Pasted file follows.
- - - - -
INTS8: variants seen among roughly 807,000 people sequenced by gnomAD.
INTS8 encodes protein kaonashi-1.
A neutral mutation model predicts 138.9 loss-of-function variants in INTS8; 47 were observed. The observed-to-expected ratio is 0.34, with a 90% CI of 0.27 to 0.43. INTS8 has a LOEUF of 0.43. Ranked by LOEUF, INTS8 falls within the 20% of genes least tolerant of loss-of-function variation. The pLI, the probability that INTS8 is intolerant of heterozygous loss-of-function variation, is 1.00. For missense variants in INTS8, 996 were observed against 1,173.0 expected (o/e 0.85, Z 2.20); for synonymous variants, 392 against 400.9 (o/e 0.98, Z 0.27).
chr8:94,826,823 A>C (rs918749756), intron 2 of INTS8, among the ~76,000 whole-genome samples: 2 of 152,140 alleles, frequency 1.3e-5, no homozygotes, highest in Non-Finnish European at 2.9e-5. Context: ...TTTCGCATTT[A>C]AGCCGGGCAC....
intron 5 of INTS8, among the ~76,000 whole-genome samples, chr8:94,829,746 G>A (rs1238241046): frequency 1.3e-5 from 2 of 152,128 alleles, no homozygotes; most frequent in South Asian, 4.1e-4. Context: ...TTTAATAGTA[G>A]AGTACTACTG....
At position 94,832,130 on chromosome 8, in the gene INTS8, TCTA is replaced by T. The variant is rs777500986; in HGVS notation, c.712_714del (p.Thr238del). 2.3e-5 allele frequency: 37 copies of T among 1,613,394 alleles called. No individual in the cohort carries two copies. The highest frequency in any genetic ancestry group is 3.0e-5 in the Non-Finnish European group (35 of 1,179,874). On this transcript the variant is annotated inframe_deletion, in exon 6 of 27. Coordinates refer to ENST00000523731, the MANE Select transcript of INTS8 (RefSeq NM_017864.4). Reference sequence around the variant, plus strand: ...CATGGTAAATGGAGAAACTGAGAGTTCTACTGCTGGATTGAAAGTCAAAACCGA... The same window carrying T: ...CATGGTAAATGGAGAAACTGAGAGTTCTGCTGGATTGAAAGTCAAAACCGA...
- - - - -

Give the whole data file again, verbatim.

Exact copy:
INTS8: variants seen among roughly 807,000 people sequenced by gnomAD.
INTS8 encodes protein kaonashi-1.
A neutral mutation model predicts 138.9 loss-of-function variants in INTS8; 47 were observed. The observed-to-expected ratio is 0.34, with a 90% CI of 0.27 to 0.43. INTS8 has a LOEUF of 0.43. Ranked by LOEUF, INTS8 falls within the 20% of genes least tolerant of loss-of-function variation. The pLI, the probability that INTS8 is intolerant of heterozygous loss-of-function variation, is 1.00. For missense variants in INTS8, 996 were observed against 1,173.0 expected (o/e 0.85, Z 2.20); for synonymous variants, 392 against 400.9 (o/e 0.98, Z 0.27).
chr8:94,826,823 A>C (rs918749756), intron 2 of INTS8, among the ~76,000 whole-genome samples: 2 of 152,140 alleles, frequency 1.3e-5, no homozygotes, highest in Non-Finnish European at 2.9e-5. Context: ...TTTCGCATTT[A>C]AGCCGGGCAC....
intron 5 of INTS8, among the ~76,000 whole-genome samples, chr8:94,829,746 G>A (rs1238241046): frequency 1.3e-5 from 2 of 152,128 alleles, no homozygotes; most frequent in South Asian, 4.1e-4. Context: ...TTTAATAGTA[G>A]AGTACTACTG....
At position 94,832,130 on chromosome 8, in the gene INTS8, TCTA is replaced by T. The variant is rs777500986; in HGVS notation, c.712_714del (p.Thr238del). 2.3e-5 allele frequency: 37 copies of T among 1,613,394 alleles called. No individual in the cohort carries two copies. The highest frequency in any genetic ancestry group is 3.0e-5 in the Non-Finnish European group (35 of 1,179,874). On this transcript the variant is annotated inframe_deletion, in exon 6 of 27. Coordinates refer to ENST00000523731, the MANE Select transcript of INTS8 (RefSeq NM_017864.4). Reference sequence around the variant, plus strand: ...CATGGTAAATGGAGAAACTGAGAGTTCTACTGCTGGATTGAAAGTCAAAACCGA... The same window carrying T: ...CATGGTAAATGGAGAAACTGAGAGTTCTGCTGGATTGAAAGTCAAAACCGA...